However, it works better if you are not alone, if you have a companion, a mind-coach, by your side; someone to help you fulfil the task in hand by reminding you to recall all the useful appropriate stuff that you already know, and encouraging, daring you to put it into practice.

Do you need a robot?

If you want to make something, spread some news, sell something or buy something, get a machine to do it for you. If you want to develop yourself, get another human being to encourage you. A human language-coach can do far more for you than any robot can.

British Folk Wisdom

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Five Proverbs in English.

Empty vessels make the most noise.

Life is not all beer and skittles.

The more haste you have, the less speed you make.

A jack of all trades is a master of none.

You catch a monkey slowly.

Mindful Language Learning

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It may be good for you to want to learn another language, but do you want to learn it for a good reason?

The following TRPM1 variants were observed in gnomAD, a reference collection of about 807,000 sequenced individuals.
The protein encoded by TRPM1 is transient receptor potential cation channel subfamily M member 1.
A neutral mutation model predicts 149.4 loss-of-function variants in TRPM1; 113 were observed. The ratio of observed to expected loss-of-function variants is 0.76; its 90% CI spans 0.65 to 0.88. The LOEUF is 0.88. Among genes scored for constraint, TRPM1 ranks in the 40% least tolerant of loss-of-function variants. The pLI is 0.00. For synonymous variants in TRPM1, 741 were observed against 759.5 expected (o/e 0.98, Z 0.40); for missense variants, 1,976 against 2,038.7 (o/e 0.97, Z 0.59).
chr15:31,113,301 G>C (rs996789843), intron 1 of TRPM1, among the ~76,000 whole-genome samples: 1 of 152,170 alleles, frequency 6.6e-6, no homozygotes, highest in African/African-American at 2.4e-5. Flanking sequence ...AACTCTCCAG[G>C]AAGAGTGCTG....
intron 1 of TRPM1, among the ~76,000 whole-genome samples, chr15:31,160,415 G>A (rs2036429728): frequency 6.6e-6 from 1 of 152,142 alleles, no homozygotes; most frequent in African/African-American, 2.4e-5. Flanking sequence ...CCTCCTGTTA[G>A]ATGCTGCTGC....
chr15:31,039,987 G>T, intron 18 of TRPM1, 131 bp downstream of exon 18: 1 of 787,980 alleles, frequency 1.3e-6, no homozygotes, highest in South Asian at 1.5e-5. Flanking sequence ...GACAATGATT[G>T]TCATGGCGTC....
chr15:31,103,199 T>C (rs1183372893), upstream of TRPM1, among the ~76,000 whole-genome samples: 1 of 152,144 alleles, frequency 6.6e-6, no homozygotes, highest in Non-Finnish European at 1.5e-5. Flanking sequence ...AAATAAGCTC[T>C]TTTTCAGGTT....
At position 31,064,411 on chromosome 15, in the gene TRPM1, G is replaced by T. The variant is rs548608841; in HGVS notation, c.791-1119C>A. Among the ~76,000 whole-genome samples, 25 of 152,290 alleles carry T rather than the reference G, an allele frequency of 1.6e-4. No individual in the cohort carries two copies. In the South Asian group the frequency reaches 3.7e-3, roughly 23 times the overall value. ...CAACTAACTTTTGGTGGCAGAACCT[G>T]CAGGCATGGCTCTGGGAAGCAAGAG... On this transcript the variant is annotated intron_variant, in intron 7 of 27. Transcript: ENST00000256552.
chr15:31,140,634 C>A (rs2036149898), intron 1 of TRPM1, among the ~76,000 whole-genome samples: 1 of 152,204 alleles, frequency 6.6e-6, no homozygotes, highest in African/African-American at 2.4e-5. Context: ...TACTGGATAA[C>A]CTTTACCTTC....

It may be good for us to form a learning plan, but we should not devote so much energy to it that it bogs us down.

If we want to learn, we have to be active, but we should not devote so much time to this that we cannot rest and digest what we are learning.

We won’t learn much effectively if we rush and try to multi-task, and it won’t do us much good if we keep frequently updating on the latest news or indulging in entertainment for adrenaline-junkies.

Let us slow down, think about what we are doing, keep it in perspective, and be happy that we are learning something.

Latest Thoughts on Language Teaching

 

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What is 21st. Century language teaching?

Well, if we teach any language, what we teach had better be comprehensible but authentic, meaningful, purposeful, and appropriate. That means it should be natural, personal, interactive, and up-to-date.